Human Resource Management in Small Business
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Human Resource Management in Small Business

Achieving Peak Performance

Edited by Cary L. Cooper and Ronald J. Burke

Human Resource Management in Small Business fills a gap in our understanding of economic performance. Small businesses are more numerous, have more employees, and contribute more to the economies of nations throughout the world than do large organizations. This book examines a range of issues, including the significance of human resource management (HRM) practices to small business success, the management of work hours and work stressors, work and family issues, succession planning, employee recruitment and selection, and managing staff. It also explores how individuals develop HRM skills, and learn from their own and others’ experiences. The role of HRM practices in successful small businesses is illustrated through a range of case studies.
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Chapter 12: Entrepreneurial Satisfaction: Job Stressors, Coping and Well-being Among Small Business Owner Managers

Magnus George and Eleanor Hamilton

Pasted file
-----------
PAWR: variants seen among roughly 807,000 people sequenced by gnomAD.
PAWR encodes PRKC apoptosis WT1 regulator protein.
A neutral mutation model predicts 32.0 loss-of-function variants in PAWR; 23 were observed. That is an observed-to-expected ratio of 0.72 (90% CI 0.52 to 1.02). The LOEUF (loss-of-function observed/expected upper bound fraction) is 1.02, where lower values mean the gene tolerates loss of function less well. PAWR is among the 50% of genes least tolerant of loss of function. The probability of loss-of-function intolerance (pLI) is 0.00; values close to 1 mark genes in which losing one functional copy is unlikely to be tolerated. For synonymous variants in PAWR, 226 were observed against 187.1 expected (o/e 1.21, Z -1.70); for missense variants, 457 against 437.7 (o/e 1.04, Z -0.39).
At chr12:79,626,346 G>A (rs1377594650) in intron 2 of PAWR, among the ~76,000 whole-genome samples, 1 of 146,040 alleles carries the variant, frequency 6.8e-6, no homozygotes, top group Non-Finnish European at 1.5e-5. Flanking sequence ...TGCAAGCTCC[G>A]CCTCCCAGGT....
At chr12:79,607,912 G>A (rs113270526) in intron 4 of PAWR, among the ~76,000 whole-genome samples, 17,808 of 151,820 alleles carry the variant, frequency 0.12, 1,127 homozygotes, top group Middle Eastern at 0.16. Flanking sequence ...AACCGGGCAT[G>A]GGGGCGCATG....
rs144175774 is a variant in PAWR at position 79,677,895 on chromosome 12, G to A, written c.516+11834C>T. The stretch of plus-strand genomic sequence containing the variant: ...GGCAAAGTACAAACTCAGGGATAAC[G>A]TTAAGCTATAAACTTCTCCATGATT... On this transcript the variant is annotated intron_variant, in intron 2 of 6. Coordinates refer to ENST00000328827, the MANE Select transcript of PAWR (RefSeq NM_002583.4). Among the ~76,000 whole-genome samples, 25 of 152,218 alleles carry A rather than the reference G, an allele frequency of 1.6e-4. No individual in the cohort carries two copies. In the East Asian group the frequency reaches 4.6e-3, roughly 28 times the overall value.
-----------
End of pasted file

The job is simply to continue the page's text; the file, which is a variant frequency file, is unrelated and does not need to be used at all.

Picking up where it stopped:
Magnus George and Eleanor Hamilton INTRODUCTION The purpose of this chapter is to consider how job stressors, coping and well-being are relevant to the small business context, and to identify what is known about how they interact to contribute to performance. It is, to a large extent, taken for granted that the entrepreneurial activity associated with running a small business brings with it exposure to psychological pressure and stress. Nonetheless, there are few studies on the occurrence, prevalence or impact of entrepreneurial role stress (Buttner, 1992; Wincent & Ortqvist, 2009, p. 118). This is in marked contrast to the extensive literature addressing organizational stress. Beyond management studies, large and growing bodies of literature from psychology, sociology, medicine, psychotherapy and other fields have considered a multitude of facets of job stressors, coping and well-being. This chapter draws on these concepts in an attempt to better understand small business behaviour and performance. To achieve that, we address how entrepreneurship differs from other organizational, occupational or workplace settings in regard to stress, health and well-being interactions. We consider features of the entrepreneurial lifestyle and “job” that amplify stressors, increase susceptibility to these, contribute positively or negatively to coping, or that bolster resilience to stress. The lenses of stress and well-being provide a new way of considering the impact of entrepreneurial behaviours. There is much complexity and ambiguity in the use of the terms stressors, coping and well-being, and we do not attempt here to rehearse a comprehensive review of the current understanding of these...

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